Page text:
Bees contribute to the planet’s biodiversity and are critical to healthy ecosystems. Honey bees, in particular, transfer pollen, and as a result, 80% of flowering plants and one-third of crops on Earth are sustained by these busy pollinators.
Despite their important role, bee hive populations shrank by more than half in less than a century—moving from 6 million hives in the 1940s to 2.4 million in 2008. The rise of commercial farming pesticides, destruction of pollinator habitats, and climate change are all factors that catalyzed this decline.
Beekeeping has grown more popular as a way to help grow back the bee population, but the latest data shows reason for continued concern.
Nathalie Steinhauer and her team at the nonprofit Bee Informed Partnership worked in collaboration with Maryland University and Auburn University’s Bee Labs to conduct a national Colony Loss and Management Survey. The survey’s primary goal is to monitor the colony loss rate of managed honey bees in the United States. It is also meant to identify important risks and protective factors for bee health.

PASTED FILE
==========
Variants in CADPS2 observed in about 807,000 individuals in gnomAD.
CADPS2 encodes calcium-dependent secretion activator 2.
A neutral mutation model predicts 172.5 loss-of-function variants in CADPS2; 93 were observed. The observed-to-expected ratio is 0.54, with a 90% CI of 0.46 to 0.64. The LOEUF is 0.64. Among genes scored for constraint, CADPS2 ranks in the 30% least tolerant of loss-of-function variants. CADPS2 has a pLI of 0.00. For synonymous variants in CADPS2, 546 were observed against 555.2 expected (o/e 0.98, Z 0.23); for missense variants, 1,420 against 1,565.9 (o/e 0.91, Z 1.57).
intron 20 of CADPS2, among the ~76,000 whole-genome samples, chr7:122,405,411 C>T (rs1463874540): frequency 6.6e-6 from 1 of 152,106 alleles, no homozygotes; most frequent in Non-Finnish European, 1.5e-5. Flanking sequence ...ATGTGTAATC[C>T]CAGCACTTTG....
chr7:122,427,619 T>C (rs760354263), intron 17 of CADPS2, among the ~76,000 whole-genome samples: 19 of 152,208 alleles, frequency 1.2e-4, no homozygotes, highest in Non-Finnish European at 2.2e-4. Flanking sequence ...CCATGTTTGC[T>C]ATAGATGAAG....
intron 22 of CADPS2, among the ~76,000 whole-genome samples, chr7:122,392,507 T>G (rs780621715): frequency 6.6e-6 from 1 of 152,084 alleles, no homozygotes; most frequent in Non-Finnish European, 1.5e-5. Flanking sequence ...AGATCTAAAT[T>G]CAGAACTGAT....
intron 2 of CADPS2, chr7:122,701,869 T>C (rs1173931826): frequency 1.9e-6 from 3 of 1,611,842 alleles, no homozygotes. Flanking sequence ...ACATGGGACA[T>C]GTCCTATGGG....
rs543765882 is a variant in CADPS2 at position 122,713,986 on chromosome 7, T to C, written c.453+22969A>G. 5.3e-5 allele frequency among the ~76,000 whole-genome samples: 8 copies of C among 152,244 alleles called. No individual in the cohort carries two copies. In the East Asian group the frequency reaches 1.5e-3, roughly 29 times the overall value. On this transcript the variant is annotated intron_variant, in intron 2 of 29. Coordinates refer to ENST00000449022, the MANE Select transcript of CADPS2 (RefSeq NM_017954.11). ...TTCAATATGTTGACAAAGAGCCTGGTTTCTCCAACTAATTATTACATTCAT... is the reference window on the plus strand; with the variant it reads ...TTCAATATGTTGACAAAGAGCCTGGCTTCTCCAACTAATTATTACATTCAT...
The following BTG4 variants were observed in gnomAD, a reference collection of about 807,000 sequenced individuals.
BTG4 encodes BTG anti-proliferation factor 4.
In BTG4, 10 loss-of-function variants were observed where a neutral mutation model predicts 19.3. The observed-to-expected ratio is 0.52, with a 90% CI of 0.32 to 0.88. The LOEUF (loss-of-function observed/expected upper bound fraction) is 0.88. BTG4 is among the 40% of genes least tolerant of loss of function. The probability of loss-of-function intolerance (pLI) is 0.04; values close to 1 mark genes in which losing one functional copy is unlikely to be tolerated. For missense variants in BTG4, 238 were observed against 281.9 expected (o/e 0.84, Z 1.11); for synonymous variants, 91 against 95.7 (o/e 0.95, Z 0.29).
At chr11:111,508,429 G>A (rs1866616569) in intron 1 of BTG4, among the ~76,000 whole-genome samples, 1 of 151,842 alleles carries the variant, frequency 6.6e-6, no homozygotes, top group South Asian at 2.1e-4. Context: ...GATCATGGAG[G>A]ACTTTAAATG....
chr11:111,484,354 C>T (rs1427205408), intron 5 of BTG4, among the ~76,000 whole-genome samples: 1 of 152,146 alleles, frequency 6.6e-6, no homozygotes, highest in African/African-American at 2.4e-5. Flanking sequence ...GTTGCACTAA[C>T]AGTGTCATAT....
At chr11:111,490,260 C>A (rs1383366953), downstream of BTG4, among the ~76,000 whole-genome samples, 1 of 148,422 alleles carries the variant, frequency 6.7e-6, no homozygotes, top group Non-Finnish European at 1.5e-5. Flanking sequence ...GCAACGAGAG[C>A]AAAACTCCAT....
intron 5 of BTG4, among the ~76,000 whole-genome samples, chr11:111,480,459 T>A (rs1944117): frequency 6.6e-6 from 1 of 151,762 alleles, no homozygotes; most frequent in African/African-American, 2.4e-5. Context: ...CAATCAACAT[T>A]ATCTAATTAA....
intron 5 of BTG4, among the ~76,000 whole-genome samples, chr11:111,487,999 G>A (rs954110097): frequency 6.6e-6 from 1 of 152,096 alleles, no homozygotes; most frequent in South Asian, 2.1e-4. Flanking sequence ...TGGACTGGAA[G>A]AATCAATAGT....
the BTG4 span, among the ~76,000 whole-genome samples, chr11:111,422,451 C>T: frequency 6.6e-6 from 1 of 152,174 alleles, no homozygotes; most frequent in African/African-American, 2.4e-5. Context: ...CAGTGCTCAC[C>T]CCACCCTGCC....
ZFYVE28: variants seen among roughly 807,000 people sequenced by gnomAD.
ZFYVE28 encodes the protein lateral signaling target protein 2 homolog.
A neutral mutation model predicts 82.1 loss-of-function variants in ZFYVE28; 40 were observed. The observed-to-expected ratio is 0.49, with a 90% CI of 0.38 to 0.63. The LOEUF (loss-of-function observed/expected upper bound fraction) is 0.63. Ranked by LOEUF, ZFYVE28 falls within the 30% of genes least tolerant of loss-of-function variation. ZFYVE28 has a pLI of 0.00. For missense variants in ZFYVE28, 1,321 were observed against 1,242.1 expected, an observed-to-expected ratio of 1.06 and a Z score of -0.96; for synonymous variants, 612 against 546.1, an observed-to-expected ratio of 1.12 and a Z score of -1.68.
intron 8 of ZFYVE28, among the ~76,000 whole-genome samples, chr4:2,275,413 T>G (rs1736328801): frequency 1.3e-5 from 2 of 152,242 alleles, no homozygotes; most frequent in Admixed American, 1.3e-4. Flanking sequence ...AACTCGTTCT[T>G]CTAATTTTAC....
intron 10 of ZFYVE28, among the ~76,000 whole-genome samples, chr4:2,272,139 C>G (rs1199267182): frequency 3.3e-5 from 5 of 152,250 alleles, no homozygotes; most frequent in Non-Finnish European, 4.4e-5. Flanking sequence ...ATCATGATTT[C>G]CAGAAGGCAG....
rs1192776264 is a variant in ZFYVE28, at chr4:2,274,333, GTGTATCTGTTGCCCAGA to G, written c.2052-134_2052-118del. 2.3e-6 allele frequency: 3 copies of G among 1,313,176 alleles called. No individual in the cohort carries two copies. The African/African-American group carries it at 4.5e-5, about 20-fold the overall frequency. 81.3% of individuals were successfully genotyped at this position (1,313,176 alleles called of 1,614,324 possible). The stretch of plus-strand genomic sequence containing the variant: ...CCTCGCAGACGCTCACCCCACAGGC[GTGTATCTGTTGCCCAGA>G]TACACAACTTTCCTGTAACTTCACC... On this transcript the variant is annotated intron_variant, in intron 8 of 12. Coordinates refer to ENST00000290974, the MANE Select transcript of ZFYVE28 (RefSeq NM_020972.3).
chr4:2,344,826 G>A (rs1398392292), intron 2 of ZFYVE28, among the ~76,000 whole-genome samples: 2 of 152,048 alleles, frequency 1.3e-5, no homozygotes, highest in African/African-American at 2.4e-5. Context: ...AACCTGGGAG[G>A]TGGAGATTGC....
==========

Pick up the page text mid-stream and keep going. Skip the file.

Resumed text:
Results of the survey, taken from April 2022 to April 2023, show that beekeepers lost about 48.2% of their colonies. This was the second-highest loss rate since the 2010-2011 year, and it reveals a continuing challenge to maintain these colonies. The graphs above show results from three categories of 3,000 beekeepers: backyard (up to 50 hives), sideline (up to 500 hives), and commercial (greater than 500 hives), as well as colony losses over the summer, winter, and annually.
The ramifications of climate change continue to loom as a major threat to the future of colony health. Bee pathogens and parasites (like the Varroa mite) are a concern for these colonies’ health, along with additional urbanization and land use that has reduced major food sources for bees.
Experts suggest creating safer spaces for bees to thrive. Planting pollinator gardens, creating backyard meadows, and reducing the use of pesticides all create options that will keep colonies alive and protect our ecosystem.
Databyte via Nathalie Steinhauer , Mikayla Wilson, Dan Aurell, et. al. United States Honey Bee Colony Losses 2022-23. Bee Informed Partnership, 2023.